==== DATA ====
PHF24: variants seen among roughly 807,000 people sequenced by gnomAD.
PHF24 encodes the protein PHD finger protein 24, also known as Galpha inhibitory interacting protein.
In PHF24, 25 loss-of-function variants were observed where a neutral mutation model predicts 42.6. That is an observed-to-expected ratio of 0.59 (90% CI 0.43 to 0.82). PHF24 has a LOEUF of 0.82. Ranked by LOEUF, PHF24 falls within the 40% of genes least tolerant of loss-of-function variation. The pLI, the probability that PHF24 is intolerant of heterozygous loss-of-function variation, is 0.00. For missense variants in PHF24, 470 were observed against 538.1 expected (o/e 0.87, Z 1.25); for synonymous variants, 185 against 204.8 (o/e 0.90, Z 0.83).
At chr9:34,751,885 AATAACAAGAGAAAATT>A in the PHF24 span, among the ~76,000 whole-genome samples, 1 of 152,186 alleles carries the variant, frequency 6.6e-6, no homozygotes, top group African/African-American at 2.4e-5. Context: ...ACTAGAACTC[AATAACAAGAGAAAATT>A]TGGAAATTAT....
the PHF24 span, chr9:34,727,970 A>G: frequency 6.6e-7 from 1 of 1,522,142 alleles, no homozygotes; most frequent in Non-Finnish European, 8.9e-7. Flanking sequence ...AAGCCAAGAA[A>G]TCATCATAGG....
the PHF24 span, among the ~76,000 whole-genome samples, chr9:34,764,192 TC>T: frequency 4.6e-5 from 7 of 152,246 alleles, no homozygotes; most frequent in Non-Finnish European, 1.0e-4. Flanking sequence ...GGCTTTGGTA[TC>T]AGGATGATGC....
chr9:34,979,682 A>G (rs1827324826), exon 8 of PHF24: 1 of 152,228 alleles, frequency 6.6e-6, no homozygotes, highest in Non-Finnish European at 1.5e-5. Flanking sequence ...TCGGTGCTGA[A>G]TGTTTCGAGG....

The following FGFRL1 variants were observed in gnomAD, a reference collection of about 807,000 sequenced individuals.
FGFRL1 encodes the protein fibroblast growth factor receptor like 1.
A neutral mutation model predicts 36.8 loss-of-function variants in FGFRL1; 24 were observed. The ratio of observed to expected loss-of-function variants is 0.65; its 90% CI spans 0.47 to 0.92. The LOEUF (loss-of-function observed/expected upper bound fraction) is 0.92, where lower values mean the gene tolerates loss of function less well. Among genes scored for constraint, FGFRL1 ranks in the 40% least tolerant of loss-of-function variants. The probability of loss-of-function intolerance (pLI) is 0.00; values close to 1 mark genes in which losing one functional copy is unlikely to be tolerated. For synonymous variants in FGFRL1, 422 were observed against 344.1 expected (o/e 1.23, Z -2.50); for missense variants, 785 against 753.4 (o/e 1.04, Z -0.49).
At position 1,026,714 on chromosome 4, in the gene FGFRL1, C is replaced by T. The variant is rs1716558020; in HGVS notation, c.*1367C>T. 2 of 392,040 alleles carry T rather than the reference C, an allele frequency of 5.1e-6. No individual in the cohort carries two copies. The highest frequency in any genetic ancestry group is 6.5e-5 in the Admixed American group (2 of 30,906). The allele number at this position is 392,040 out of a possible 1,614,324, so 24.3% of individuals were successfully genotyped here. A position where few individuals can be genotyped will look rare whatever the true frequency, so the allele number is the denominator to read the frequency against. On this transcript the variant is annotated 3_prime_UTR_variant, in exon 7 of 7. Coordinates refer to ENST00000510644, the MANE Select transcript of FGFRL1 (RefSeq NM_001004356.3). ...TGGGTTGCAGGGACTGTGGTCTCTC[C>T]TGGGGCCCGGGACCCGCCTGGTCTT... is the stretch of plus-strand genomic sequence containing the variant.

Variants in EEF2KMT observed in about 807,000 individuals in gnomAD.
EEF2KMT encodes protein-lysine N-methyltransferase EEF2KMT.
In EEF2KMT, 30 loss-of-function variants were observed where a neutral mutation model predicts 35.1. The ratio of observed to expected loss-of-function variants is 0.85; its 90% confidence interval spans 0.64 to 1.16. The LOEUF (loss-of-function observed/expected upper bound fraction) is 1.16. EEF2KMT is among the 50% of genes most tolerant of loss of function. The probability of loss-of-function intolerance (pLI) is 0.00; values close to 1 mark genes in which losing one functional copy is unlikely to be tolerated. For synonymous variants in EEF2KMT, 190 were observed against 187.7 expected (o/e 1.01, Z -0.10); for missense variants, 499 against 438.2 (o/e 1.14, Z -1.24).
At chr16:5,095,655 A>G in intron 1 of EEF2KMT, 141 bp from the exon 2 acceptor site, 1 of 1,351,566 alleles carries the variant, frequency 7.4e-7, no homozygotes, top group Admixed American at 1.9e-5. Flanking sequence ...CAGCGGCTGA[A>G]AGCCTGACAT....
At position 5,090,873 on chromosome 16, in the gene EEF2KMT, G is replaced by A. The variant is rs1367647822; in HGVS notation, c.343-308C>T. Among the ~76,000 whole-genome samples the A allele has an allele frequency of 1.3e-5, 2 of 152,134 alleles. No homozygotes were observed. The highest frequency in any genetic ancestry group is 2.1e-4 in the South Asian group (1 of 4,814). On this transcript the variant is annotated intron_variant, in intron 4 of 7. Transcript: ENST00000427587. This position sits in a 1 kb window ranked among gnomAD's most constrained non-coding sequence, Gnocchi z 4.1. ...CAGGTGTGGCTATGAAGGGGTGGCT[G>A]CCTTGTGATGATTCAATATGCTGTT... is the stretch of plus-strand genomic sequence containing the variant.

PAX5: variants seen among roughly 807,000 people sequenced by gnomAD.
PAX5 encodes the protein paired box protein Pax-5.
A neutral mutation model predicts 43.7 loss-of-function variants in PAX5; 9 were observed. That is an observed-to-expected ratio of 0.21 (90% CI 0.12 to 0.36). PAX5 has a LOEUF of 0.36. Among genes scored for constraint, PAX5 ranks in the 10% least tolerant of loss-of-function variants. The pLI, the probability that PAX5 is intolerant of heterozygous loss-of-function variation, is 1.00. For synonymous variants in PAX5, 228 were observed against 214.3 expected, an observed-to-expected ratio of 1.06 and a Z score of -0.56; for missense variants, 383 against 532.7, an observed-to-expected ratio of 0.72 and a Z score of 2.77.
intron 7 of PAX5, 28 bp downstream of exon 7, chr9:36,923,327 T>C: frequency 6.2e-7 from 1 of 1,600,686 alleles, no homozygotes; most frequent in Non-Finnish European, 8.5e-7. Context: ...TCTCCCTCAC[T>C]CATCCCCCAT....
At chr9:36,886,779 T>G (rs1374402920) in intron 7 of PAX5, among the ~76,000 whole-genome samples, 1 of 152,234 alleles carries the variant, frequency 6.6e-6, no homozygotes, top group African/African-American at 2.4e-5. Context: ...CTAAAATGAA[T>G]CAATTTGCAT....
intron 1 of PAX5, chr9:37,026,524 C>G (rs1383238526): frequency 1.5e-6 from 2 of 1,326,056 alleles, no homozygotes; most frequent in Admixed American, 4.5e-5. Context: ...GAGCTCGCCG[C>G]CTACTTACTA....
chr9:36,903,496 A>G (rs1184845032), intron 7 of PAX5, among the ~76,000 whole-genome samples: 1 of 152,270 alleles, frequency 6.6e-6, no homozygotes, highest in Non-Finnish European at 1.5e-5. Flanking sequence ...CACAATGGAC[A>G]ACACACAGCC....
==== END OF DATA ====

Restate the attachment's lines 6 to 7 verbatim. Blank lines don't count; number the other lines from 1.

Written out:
the PHF24 span, among the ~76,000 whole-genome samples, chr9:34,764,192 TC>T: frequency 4.6e-5 from 7 of 152,246 alleles, no homozygotes; most frequent in Non-Finnish European, 1.0e-4. Flanking sequence ...GGCTTTGGTA[TC>T]AGGATGATGC....
chr9:34,979,682 A>G (rs1827324826), exon 8 of PHF24: 1 of 152,228 alleles, frequency 6.6e-6, no homozygotes, highest in Non-Finnish European at 1.5e-5. Flanking sequence ...TCGGTGCTGA[A>G]TGTTTCGAGG....